Is there any harm in taking long-term, low-dose warfarin for an extended period after an episode of deep vein thrombosis?
Answers from Martha Grogan, M.D.
Warfarin (Coumadin) is a blood-thinning medication (anticoagulant) used to treat and prevent blood clots. For most people with a single episode of deep vein thrombosis (DVT), treatment with full-dose blood thinners is usually for only a limited time. Taking warfarin at a high dose for a longer period of time is only recommended for people who are at a high risk of developing blood clots that could cause a heart attack, stroke or pulmonary embolism.
Long-term, low-dose treatment with warfarin may prevent future episodes of DVT, but it's not without risk. There's a risk of serious or even fatal bleeding — especially when warfarin is taken in high doses or for long periods of time.
Ask your doctor to help you weigh the benefits and risks of long-term, low-dose warfarin therapy in your case. Also consider these self-care measures to prevent future episodes of DVT:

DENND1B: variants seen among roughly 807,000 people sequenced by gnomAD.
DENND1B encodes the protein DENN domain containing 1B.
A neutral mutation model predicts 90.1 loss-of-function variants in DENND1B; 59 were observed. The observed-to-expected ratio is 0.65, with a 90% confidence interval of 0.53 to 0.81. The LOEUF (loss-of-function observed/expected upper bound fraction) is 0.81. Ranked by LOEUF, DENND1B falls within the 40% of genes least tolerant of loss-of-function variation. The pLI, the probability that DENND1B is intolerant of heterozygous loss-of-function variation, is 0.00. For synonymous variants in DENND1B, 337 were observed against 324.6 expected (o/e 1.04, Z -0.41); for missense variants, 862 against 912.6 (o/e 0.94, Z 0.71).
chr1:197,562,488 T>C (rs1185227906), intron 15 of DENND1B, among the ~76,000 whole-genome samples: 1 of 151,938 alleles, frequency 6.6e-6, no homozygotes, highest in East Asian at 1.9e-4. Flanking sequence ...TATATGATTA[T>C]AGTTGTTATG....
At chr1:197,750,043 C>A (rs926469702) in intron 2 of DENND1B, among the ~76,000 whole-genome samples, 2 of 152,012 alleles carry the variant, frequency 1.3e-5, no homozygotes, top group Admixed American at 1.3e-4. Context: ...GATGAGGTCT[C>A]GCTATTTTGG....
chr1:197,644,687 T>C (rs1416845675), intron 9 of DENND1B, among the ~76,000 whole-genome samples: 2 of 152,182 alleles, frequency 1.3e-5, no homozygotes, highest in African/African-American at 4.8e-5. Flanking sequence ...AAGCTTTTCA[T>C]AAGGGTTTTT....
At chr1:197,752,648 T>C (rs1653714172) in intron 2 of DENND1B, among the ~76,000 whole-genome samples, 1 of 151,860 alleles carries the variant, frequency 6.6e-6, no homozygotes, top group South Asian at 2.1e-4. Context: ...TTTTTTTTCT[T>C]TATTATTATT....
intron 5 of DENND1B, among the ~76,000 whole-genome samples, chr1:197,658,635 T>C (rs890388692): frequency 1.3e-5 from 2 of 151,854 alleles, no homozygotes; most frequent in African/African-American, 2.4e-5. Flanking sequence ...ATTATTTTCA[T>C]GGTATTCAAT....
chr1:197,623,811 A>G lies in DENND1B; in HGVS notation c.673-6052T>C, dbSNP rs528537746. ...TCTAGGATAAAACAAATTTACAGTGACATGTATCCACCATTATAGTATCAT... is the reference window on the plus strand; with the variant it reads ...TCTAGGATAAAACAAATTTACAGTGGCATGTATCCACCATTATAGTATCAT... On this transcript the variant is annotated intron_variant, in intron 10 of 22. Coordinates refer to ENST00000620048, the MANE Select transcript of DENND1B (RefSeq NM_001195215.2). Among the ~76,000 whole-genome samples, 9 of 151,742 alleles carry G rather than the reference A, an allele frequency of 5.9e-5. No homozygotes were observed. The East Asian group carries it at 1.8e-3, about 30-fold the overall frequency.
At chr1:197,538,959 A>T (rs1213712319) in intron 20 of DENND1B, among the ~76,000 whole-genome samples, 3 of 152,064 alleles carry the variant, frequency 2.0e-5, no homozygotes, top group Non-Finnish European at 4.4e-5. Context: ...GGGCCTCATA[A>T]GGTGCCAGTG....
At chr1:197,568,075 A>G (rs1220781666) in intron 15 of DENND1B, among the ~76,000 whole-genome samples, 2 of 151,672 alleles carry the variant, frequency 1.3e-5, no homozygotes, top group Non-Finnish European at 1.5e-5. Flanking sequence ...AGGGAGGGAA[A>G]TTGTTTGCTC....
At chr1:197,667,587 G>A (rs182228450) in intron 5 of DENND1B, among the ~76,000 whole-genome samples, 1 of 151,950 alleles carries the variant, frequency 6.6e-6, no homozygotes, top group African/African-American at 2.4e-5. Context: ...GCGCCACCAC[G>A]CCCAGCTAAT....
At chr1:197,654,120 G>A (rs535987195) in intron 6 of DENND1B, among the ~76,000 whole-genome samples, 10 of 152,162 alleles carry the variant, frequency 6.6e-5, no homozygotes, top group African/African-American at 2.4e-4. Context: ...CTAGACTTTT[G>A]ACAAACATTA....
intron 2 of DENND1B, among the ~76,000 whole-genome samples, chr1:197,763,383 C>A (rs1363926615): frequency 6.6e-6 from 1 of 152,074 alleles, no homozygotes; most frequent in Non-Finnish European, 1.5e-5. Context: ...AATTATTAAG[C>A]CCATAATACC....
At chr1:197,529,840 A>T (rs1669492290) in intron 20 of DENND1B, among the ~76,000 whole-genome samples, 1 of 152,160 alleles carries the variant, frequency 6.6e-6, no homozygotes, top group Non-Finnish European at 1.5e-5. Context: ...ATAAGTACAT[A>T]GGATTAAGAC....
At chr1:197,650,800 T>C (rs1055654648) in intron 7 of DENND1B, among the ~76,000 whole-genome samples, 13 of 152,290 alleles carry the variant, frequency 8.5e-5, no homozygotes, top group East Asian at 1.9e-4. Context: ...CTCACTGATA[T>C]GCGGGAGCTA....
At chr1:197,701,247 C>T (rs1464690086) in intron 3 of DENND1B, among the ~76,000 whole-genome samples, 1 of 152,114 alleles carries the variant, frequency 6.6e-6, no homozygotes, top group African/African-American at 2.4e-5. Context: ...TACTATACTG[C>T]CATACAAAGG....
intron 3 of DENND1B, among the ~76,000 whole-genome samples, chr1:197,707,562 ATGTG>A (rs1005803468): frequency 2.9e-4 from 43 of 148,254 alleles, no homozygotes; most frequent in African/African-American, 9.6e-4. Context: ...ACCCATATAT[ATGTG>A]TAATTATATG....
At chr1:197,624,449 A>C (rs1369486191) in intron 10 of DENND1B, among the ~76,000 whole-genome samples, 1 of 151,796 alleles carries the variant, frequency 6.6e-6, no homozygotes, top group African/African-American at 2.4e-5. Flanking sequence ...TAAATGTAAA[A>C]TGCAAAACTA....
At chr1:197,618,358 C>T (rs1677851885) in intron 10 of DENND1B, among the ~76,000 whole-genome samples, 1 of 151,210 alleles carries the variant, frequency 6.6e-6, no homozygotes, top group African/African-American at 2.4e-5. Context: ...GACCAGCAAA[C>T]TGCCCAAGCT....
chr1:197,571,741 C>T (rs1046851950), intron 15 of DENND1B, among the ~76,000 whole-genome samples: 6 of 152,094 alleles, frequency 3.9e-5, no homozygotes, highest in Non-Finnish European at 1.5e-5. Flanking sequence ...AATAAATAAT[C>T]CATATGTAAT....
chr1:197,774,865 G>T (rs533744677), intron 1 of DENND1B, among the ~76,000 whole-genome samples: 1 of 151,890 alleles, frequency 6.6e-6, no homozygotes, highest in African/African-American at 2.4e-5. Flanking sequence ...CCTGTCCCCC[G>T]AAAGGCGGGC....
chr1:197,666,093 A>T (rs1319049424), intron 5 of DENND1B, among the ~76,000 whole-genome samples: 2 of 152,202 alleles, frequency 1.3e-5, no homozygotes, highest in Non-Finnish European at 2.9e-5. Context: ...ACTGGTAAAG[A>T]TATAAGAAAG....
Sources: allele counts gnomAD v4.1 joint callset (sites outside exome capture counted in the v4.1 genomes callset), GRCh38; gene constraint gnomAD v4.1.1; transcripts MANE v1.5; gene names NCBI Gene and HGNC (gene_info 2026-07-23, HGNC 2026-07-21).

- Avoid sitting, squatting or crossing your legs for long periods of time.
- If you must sit for long periods, such as during a plane or car trip, take a short walk every hour or two. It also helps to flex your ankles, curl your toes and tap your feet frequently.
- Drink plenty of fluids to prevent dehydration.
- Wear support hosiery or compression stockings, available at medical supply stores.
If you're taking warfarin to prevent blood clots that could cause a heart attack or stroke, make sure you take it exactly as prescribed. Warfarin is a powerful medication that can have dangerous side effects.
Mar. 17, 2011
- Kearon C. Balancing risks and benefits of extended anticoagulant therapy for idiopathic venous thrombosis. Journal of Thrombosis and Haemostasis. 2009;7:296.
- Kearon C, et al. Influence of thrombophilia on risk of recurrent venous thromboembolism while on warfarin: Results from a randomized trial. Blood. 2008;112:4432.
- Rodger M, et al. Unprovoked venous thromboembolism: Short-term or indefinite anticoagulation? Balancing long-term risk and benefit. Blood Reviews. 2010;24:171.